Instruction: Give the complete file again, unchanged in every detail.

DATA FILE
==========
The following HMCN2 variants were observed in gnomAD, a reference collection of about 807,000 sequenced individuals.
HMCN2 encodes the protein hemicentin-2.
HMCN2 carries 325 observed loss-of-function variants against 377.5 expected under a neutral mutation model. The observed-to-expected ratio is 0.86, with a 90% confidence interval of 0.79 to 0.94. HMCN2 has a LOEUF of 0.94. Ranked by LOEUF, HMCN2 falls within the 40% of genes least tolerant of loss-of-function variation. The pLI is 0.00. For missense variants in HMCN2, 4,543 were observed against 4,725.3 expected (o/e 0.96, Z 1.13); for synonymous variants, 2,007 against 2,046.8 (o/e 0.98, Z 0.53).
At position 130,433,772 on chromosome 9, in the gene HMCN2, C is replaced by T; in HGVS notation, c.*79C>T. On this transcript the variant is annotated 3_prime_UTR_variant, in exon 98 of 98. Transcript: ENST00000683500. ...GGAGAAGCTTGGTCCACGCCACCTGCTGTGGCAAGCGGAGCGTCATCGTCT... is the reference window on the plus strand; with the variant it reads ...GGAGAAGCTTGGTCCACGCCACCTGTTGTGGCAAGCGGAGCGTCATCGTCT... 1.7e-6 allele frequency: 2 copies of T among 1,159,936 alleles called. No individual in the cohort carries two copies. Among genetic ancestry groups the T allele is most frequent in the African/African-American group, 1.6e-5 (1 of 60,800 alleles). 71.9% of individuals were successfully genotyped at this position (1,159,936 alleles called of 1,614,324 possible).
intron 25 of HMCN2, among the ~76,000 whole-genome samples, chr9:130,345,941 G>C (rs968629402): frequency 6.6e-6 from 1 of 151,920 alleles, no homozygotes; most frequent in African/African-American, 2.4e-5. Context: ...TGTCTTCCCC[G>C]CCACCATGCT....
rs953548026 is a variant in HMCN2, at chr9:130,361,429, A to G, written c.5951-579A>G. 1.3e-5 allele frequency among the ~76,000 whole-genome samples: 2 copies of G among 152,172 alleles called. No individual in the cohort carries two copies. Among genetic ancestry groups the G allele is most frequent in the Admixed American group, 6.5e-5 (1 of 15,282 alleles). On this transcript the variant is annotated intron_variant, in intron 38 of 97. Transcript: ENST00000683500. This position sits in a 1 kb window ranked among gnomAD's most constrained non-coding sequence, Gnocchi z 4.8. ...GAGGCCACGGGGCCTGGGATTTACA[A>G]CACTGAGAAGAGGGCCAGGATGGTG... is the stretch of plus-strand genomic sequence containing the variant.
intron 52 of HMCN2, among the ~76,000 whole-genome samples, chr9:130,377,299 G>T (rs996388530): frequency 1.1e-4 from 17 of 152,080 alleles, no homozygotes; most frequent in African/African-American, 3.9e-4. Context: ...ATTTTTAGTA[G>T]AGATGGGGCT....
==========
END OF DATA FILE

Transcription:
The following HMCN2 variants were observed in gnomAD, a reference collection of about 807,000 sequenced individuals.
HMCN2 encodes the protein hemicentin-2.
HMCN2 carries 325 observed loss-of-function variants against 377.5 expected under a neutral mutation model. The observed-to-expected ratio is 0.86, with a 90% confidence interval of 0.79 to 0.94. HMCN2 has a LOEUF of 0.94. Ranked by LOEUF, HMCN2 falls within the 40% of genes least tolerant of loss-of-function variation. The pLI is 0.00. For missense variants in HMCN2, 4,543 were observed against 4,725.3 expected (o/e 0.96, Z 1.13); for synonymous variants, 2,007 against 2,046.8 (o/e 0.98, Z 0.53).
At position 130,433,772 on chromosome 9, in the gene HMCN2, C is replaced by T; in HGVS notation, c.*79C>T. On this transcript the variant is annotated 3_prime_UTR_variant, in exon 98 of 98. Transcript: ENST00000683500. ...GGAGAAGCTTGGTCCACGCCACCTGCTGTGGCAAGCGGAGCGTCATCGTCT... is the reference window on the plus strand; with the variant it reads ...GGAGAAGCTTGGTCCACGCCACCTGTTGTGGCAAGCGGAGCGTCATCGTCT... 1.7e-6 allele frequency: 2 copies of T among 1,159,936 alleles called. No individual in the cohort carries two copies. Among genetic ancestry groups the T allele is most frequent in the African/African-American group, 1.6e-5 (1 of 60,800 alleles). 71.9% of individuals were successfully genotyped at this position (1,159,936 alleles called of 1,614,324 possible).
intron 25 of HMCN2, among the ~76,000 whole-genome samples, chr9:130,345,941 G>C (rs968629402): frequency 6.6e-6 from 1 of 151,920 alleles, no homozygotes; most frequent in African/African-American, 2.4e-5. Context: ...TGTCTTCCCC[G>C]CCACCATGCT....
rs953548026 is a variant in HMCN2, at chr9:130,361,429, A to G, written c.5951-579A>G. 1.3e-5 allele frequency among the ~76,000 whole-genome samples: 2 copies of G among 152,172 alleles called. No individual in the cohort carries two copies. Among genetic ancestry groups the G allele is most frequent in the Admixed American group, 6.5e-5 (1 of 15,282 alleles). On this transcript the variant is annotated intron_variant, in intron 38 of 97. Transcript: ENST00000683500. This position sits in a 1 kb window ranked among gnomAD's most constrained non-coding sequence, Gnocchi z 4.8. ...GAGGCCACGGGGCCTGGGATTTACA[A>G]CACTGAGAAGAGGGCCAGGATGGTG... is the stretch of plus-strand genomic sequence containing the variant.
intron 52 of HMCN2, among the ~76,000 whole-genome samples, chr9:130,377,299 G>T (rs996388530): frequency 1.1e-4 from 17 of 152,080 alleles, no homozygotes; most frequent in African/African-American, 3.9e-4. Context: ...ATTTTTAGTA[G>T]AGATGGGGCT....